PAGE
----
Kris' Tech Blog ( and stuff ) Home About Kris Contact Kris


All by Date






Kris Springer's Tech Blog - My Divorce from Microsoft
My Divorce from Microsoft 3-4-18
Kris Springer

My long history with Microsoft started with DOS on a PC my parents bought at a yard sale in the late 80's. That one had the little hard floppy disks, but I've used the big ones too. Real noise makers. Later in high school I copied Windows 3.1 from the school's unsecured network (along with Doom and a few other games the nerds uploaded). Good times. I even talked my grandma into buying a cheep computer and I installed 3.1 on it so she could play solitaire and write letters in Notepad. So modern! After high school I went to college and learned about NT, Novel, Cisco, etc. And then came XP. It was something. The next gen. That is until the Blaster virus. I remember how a freshly installed OS would get infected within minutes by simply connecting to the internet. My Microsoft jump kit was really taking shape at that time in my life because I was working as a Network Admin for a wireless company and flying around the Northwest maintaining hotel wifi systems. At the same time I was tinkering with linux for fun. RedHat was the flavor of the decade and I used it for my own email server, firewalls, web servers, as well as some remote network monitoring. Because of my job I was able to stick my own box in the basement closet of a client with a 10 Mbps backbone. At the time that was smokin'. I even got into the KDE desktop a bit and used VNC to remote into boxes that were in other states. I did stuff that wasn't common at the time, but is nowadays. But that was server stuff and not the subject of this post; Windows XP was the desktop OS of choice, and I was happy with it for many years.

Then Windows Vista was released with mixed acceptance from the tech community. There was quite the push back because XP had been dominating the market for so many years. The common consensus was that if XP wasn't broken, why was MS trying to fix it. And Vista wasn't fixing anything. It was a mess. When v7 came out to 'fix' the problems with Vista Microsoft had already taken an integrity hit with the tech community because of the hash that Vista had been. Everyone figured that 7 was going to be junk just like Vista was, but miraculously v7 was pretty good. There were many things under the hood that got fixed and Vista quickly became one of those OS's that you remember using once upon a time but it seems to have been completely erased from existence. 7 dominated for many many years, and as of now (2018) it's still an option when ordering new machines from Dell. It's stable, clean (if that term can be used for a MS OS), and has been around long enough that just about any drivers you'll ever use have been made for it. My point is that it's not bad. Then came 8.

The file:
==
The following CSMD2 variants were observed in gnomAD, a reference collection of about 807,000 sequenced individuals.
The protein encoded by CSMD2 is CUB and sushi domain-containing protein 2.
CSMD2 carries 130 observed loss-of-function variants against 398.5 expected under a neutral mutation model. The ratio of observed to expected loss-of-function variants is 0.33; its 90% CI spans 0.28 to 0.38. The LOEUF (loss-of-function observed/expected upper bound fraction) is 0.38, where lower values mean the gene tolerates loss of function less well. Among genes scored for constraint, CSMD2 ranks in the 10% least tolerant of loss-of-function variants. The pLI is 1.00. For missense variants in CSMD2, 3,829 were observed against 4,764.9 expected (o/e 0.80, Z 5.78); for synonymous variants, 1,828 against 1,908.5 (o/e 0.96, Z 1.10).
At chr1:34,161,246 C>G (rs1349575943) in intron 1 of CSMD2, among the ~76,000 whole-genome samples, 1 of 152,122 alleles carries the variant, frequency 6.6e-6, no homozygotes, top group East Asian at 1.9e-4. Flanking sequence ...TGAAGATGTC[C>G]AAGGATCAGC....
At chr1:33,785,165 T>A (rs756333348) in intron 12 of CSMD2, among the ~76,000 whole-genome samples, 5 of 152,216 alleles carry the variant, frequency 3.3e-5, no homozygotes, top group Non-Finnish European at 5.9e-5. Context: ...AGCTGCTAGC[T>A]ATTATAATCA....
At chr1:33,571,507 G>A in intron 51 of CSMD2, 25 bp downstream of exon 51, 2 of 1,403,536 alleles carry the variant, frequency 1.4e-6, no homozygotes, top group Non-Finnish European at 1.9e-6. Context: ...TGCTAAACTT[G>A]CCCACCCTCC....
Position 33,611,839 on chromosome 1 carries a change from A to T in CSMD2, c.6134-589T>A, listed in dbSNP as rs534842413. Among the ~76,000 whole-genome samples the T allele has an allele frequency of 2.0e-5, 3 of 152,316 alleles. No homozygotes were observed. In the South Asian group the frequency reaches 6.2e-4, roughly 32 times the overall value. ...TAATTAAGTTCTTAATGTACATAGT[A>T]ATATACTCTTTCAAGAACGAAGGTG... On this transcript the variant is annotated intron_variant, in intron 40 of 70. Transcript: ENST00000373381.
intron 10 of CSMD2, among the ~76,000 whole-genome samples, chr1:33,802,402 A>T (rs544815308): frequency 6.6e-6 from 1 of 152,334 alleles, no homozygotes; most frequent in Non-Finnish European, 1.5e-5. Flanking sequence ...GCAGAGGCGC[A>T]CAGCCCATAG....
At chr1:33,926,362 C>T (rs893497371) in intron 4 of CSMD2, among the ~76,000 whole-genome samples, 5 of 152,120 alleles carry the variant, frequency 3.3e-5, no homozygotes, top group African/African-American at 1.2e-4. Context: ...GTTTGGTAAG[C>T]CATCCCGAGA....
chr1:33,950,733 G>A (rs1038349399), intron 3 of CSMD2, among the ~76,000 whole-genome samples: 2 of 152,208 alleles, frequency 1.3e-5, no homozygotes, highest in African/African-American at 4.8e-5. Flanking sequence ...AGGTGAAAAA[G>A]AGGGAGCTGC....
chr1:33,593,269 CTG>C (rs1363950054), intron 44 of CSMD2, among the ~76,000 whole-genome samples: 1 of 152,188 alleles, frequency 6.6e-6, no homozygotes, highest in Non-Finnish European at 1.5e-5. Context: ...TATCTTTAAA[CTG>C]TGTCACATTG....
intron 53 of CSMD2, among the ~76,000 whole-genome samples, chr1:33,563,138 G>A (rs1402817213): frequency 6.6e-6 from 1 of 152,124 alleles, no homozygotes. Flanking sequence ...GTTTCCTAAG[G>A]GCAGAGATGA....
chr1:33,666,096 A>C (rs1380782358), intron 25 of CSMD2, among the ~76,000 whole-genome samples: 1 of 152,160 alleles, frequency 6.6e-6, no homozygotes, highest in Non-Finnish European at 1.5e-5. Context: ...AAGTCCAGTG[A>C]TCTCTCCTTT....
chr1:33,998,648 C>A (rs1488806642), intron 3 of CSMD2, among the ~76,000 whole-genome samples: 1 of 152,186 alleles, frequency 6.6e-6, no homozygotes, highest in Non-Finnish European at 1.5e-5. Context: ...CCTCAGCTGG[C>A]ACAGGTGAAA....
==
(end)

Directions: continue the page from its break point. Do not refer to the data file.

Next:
Windows 8 was another instance where Microsoft punched itself in the face, and then pretended that it was awesome. Whoever made the decision at MS to remove the Start button should have been fired. The truth is that with a few clicks it was easy enough to add the Start menu back to the taskbar so work could get done, but the fact that MS released a tablet/touch style OS which completely removed the universal menu known to every human who's ever used a PC, and didn't give users a way to turn it back on was a HUGE mistake. Touch screens were very new and almost noone had one (and still don't). The idiotic GUI was not only confusing and frustrating for consumers, but especially problematic for the Server OS's, which many are controlled remotely or via VM interfaces where the touchpad style GUI is not just useless, but incredibly counter-productive. I'm still a bit perplexed about Win8 from a tech standpoint because all the same system settings and menus seemed to be still under the surface if you knew how to access them, but the horrible GUI was such a hash that it made everyone want to throw their machines in the garbage. So as a result, Win8 was not widely adopted and will be another MS OS which will be a blot in MS history. Then came 10, and the cloud.